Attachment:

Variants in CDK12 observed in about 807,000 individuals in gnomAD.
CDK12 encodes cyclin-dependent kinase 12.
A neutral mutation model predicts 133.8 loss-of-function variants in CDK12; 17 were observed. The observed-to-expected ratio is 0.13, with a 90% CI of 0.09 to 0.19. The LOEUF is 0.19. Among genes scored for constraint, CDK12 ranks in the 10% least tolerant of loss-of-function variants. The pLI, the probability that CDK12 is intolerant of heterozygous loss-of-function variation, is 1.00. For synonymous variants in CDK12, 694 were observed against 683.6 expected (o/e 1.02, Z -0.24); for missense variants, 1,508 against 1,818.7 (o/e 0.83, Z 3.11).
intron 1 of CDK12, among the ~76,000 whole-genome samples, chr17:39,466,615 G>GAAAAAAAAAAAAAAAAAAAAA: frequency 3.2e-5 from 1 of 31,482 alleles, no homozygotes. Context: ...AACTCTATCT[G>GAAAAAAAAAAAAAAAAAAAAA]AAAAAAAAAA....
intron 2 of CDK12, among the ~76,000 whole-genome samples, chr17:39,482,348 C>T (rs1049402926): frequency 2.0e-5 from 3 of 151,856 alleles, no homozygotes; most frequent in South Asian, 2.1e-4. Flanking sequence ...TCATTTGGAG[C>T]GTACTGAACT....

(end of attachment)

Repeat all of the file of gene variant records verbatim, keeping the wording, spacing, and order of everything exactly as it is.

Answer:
Variants in CDK12 observed in about 807,000 individuals in gnomAD.
CDK12 encodes cyclin-dependent kinase 12.
A neutral mutation model predicts 133.8 loss-of-function variants in CDK12; 17 were observed. The observed-to-expected ratio is 0.13, with a 90% CI of 0.09 to 0.19. The LOEUF is 0.19. Among genes scored for constraint, CDK12 ranks in the 10% least tolerant of loss-of-function variants. The pLI, the probability that CDK12 is intolerant of heterozygous loss-of-function variation, is 1.00. For synonymous variants in CDK12, 694 were observed against 683.6 expected (o/e 1.02, Z -0.24); for missense variants, 1,508 against 1,818.7 (o/e 0.83, Z 3.11).
intron 1 of CDK12, among the ~76,000 whole-genome samples, chr17:39,466,615 G>GAAAAAAAAAAAAAAAAAAAAA: frequency 3.2e-5 from 1 of 31,482 alleles, no homozygotes. Context: ...AACTCTATCT[G>GAAAAAAAAAAAAAAAAAAAAA]AAAAAAAAAA....
intron 2 of CDK12, among the ~76,000 whole-genome samples, chr17:39,482,348 C>T (rs1049402926): frequency 2.0e-5 from 3 of 151,856 alleles, no homozygotes; most frequent in South Asian, 2.1e-4. Flanking sequence ...TCATTTGGAG[C>T]GTACTGAACT....